For many of the millions of low-income families seeking quality health care in the safety net, the quest can be bewildering. They may walk into a drab, disorganized and unwelcoming clinic, with the staff, signage, and endless medical forms all using unfamiliar language, with unexplained, lengthy waiting times, and with providers burying them in information they can’t understand. On a second visit, they may feel even worse when they end up encountering a different doctor, different staff, and a renewed sense of confusion.
So it was no great surprise that when Blue Shield of California Foundation surveyed low-income Californians in 2011, many were feeling discouraged and not personally invested in their care. They said they felt disconnected and ill-informed, and would change their health care facility if they could. These sobering findings led many health centers to redouble their efforts to train staff to promote courtesy and create a cleaner and more welcoming environment. They worked to break down language and cultural barriers to provide clear information to patients about their care options.
Four years later, we are deeply encouraged that a new survey published earlier this month by the Foundation shows that after concerted efforts by safety-net providers to build more patient-centered systems, more than 50 percent of low-income Californians now rate their quality of care as excellent or very good. Overall, 31 percent of patients rated care as excellent and 22 percent very good, representing a five-point increase in just four years. Patients cited significant improvement in nine key areas, including: 58 percent said they felt welcomed at their facility, a 10-point jump; 62 percent gave top marks for staff courtesy, a 13 percent gain; and 60 percent gave top ratings for cleanliness, up by 8 percent.
These improvements are particularly remarkable because of the uncertainty created by implementing the Affordable Care Act (ACA) and bringing millions of newly insured patients into the system. The message from the survey is clear: Providers have the power to build a deeper personal connection with patients, which translates directly into increased patient satisfaction. We have long believed that the center of the health care universe is the doctor-patient relationship. And while that will always be very important, our findings demonstrate that patients are looking for a clear sense that “somebody cares about me” in their health care facility, and it doesn’t necessarily have to be the doctor. The data show that when patients feel that someone at their health clinic really cares about them and keeps them well-informed, their satisfaction level grows substantially. What’s truly exciting about these findings is that they clearly demonstrate that health care providers are taking responsibility for the outcomes.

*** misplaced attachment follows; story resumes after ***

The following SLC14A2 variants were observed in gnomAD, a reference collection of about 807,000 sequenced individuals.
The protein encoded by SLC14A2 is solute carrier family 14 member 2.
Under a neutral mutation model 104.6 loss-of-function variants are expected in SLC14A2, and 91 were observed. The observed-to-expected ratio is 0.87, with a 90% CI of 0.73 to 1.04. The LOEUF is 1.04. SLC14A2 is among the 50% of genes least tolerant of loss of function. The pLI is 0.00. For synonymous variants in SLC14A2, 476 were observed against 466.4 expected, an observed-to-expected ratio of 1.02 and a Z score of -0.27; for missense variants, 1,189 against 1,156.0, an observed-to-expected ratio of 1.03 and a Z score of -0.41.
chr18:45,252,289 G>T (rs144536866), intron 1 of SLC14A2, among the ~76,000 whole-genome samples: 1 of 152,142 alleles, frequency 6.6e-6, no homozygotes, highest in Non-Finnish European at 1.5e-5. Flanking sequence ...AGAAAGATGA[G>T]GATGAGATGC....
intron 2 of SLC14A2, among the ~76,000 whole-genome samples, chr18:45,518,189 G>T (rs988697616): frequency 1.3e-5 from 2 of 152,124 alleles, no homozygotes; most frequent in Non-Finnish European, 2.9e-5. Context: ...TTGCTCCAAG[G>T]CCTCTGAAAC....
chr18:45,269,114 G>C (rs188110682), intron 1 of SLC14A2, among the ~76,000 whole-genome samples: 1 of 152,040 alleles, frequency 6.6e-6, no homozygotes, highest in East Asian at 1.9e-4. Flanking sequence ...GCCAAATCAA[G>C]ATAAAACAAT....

While safety-net providers should be cheered by these findings, they must realize that these improvements are only the first step in a long journey. Going forward, creating real, lasting and meaningful change will require a massive shift in thought and actions because the most important variable is not actually medical or economic or technological. Rather it is cultural: we must work on human interactions, personal relationships, and genuine connections with a patient population that is desperately seeking vital services that meet the individual needs of their families.
Shifting the culture of health care requires some heavy lifting. More than any other system, health care has been driven by what I describe as a “supply-side model” in which the medical establishment dictates what services will be available, what the protocols are, and how the system will operate. For example, an overwhelming majority of patients would value a patient “navigator” to help steer them through the complexities of the health system, and also would prefer team-based care with a permanently assigned group of caregivers — doctors, nurses, physicians’ assistants, and specialists. And yet, less than one-third of patients have access to these vital resources today. Ideally, clinics might even have more than one navigator to meet the needs of all our diverse populations, with special sensitivity paid to ethnicity, language, age, gender, and sexual orientation. Unfortunately, our current payment system compensates doctors to treat patients, but most often the navigators who guide patients to the best treatment are left out of the payment equation.
Going forward, in this new era created by the ACA, we must focus our energy on a more democratic approach: meeting the patient’s expectations, aspirations, and desires for what they want to achieve in their own health care. We have to put patients in the center of the conversation about their health, rather than where they’ve been: at the margins. The good news about cultural change is that it does not have to be resource intensive. In our California experience, we have seen that grants as small as $5,000 can make a big difference in beginning to train, guide, and redirect health care workers to provide the best care possible. As Nelson Mandela once said, “It always seems impossible until it’s done.” Through its actions over the past four years, the health care safety-net in California has demonstrated that high levels of patient engagement and satisfaction are eminently possible. Onward!
Peter Long is president and CEO, Blue Shield of California Foundation.